We have to explain so many things to our children. But, sometimes it’s way over our heads. Like explaining constellations for kids, the stars are even more mysterious, beautiful, and full of questions than their parents. We have gathered everything you need to know to make your explanation interesting.
Children are naturally curious about their world. Stargazing is an amazing and accessible way to foster this curiosity. Being able to find and identify the constellations initiates children into an age-old community of scientists and seekers. These nine tips on exploring the constellations for kids don’t require investing in expensive equipment or a Ph.D. in astronomy.
9 Tips on Explaining Constellations for Kids
1. The Night Sky
Children feel an undeniable excitement when they get to be outside after dark. Pick any clear night, preferably when the moon is far from full, and simply look up! You will see more stars where there is less local light pollution, but even a backyard outing can be rewarding. Ask your child what they see. Are all the stars the same color? Do they all have the same brightness? Are there areas of the sky that have more stars than other areas?
2. Ursa Major
Ursa Major, which means the “Greater Bear” in Latin, is a great constellation to start with. It is easy to find, and it is visible all year round in the Northern hemisphere. One of the most recognizable groups of stars in the Northern sky, the Big Dipper (also known as the Plough), is part of this constellation. Ursa Major is the third largest constellation of the 88 recognized constellations. Including the Big Dipper’s seven bright stars, the Great Bear has 19 stars.
3. Myths and Legends
Ursa Major, and the sister constellation Ursa Minor, are subjects of great myths involving jealous gods, love, and revenge. In fact, many constellations have myths associated with them. These timeless stories are another fascinating in-road to the study of the night sky. Jacqueline Mitton’s beautiful children’s book Once Upon a Starry Night: A Book of Constellations contains some of these myths. You can find some online collections of constellation myths here and here.
There is a myriad of children’s books that illuminate the constellations for kids. Check a few out at your local library and think about investing in personal copies of your child’s favorites. Some of the standout titles include Star Gazers by Gail Gibbons, Zoo in the Sky by Jacqueline Mitton, Find the Constellations by H. A. Rey, and The Kids Book of the Night Sky by Anna Love and Jane Drake. All of these books are exceptionally illustrated and present accurate scientific information in a kid-friendly manner.
5. Star Maps and Constellation Cards
Standard star maps can seem overly complex to the novice stargazer. Fortunately, there are simplified versions of star maps designed for children. The folks at liebacklookup.com have created an exceptional series of seasonal sky maps for children. They also have constellation card printables. Karyn at teachbesideme.com has also put together some excellent printable constellation cards. Kidscosmos.org provides kid’s star maps for each month of the year.
Hands-on projects are not only fun but also serve to help cement the knowledge your child is learning. With black construction paper and a silver or white pen, or chalk, you can recreate mini versions of the constellations as you learn about them. If you want to get a little fancier, you can use star stickers. To make a tasty three-dimensional model of the constellations for kids, connect mini marshmallows with toothpicks or wooden shish kabob skewers.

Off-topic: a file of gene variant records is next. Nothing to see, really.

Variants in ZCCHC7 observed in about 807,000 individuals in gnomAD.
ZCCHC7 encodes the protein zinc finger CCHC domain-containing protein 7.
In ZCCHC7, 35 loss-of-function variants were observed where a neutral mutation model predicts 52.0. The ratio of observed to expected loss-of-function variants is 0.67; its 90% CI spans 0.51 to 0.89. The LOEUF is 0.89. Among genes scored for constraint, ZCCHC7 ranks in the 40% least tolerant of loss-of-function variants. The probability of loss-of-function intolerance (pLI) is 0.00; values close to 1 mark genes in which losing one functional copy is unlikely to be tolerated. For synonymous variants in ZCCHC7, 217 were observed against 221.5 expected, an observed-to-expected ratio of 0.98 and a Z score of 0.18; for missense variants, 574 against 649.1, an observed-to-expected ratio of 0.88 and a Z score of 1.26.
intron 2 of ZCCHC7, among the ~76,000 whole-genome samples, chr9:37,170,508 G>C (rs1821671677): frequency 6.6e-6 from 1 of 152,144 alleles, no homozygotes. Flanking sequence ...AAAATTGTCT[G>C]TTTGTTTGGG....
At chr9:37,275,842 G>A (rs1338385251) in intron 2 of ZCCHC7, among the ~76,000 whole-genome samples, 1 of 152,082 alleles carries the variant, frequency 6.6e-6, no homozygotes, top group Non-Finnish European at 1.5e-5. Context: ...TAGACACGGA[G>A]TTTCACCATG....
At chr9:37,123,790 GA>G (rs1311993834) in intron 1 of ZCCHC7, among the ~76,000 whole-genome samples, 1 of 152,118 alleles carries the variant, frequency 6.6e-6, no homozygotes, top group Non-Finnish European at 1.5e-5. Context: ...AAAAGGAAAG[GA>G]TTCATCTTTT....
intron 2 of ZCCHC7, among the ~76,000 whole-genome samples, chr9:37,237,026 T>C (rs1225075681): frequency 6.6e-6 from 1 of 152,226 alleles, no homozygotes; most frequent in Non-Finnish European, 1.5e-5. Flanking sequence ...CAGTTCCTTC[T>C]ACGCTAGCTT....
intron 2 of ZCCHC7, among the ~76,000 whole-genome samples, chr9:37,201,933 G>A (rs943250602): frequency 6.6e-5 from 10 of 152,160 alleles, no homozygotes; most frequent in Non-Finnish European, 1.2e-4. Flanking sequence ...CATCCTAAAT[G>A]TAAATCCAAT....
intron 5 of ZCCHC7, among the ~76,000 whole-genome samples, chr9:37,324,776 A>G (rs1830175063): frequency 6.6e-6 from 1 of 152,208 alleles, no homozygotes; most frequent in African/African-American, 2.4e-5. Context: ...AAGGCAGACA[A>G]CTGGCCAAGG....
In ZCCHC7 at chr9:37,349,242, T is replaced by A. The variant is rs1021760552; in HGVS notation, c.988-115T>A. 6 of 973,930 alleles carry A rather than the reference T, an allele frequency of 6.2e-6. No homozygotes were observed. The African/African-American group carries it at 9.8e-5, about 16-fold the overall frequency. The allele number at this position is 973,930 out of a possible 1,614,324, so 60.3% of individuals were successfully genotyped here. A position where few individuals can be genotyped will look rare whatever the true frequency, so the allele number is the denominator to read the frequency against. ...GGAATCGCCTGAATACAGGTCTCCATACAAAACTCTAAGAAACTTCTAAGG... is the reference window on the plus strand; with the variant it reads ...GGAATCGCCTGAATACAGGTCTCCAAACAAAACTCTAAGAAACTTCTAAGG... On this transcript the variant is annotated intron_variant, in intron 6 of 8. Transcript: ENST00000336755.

7. Flashlight Projection
You can create a model of a constellation that can be projected onto walls or ceilings. You will need a flashlight, cupcake liners, a glue stick, a large sewing needle, chalk, a rubber band and circles of black construction paper or cardstock. To make the projector, cut the construction paper or cardstock in circles that are the same size as the bottom of the cupcake liner. Draw the constellation on the circle and glue the circle onto the bottom of the cupcake liner. Poke the stars out (going through both the paper and the cupcake liner) using the sewing needle. Place the cupcake liner upside down over a flashlight with a similarly sized lens and wrap the rubber band around the rim of the flashlight to secure it.
8. Glow in the Dark Constellations
If you want more permanent indoor models of the constellations, you can create them with self-sticking, glow in the dark stars. There are several kits that you can buy that include constellation maps and templates. You can also go freehand and create your constellations for kids based on actual observations you and your child have made. There are also excellent glow in the dark posters that not only reproduce the constellations but label them as well.
9. Star Gazing Apps
Star gazing apps are one of those technological wonders that make owing a smartphone or tablet worthwhile. There are more than a few out there, but good ones to start with are Skyview and Sky Map. Both apps are available for Android or iPhone platforms. These programs allow you to identify constellations, planets, stars or other objects by simply aiming your device at the night sky. Both apps are free.
Introducing children to the wonders of science through the study of constellations for kids will have benefits well beyond the actual knowledge learned. Even if stargazing turns out to be a fad, children become aware that the world has layers of meaning that reflect centuries of study and discovery. They will also begin to understand that they are part of this history. Concentrated study of the constellations for kids goes a long way in our efforts to help our children develop that sense of curiosity that has served science and the arts so well and could help them become curious adults.
Have you tried one of these tips? We would love to know how it went.
Images from depositphotos.com.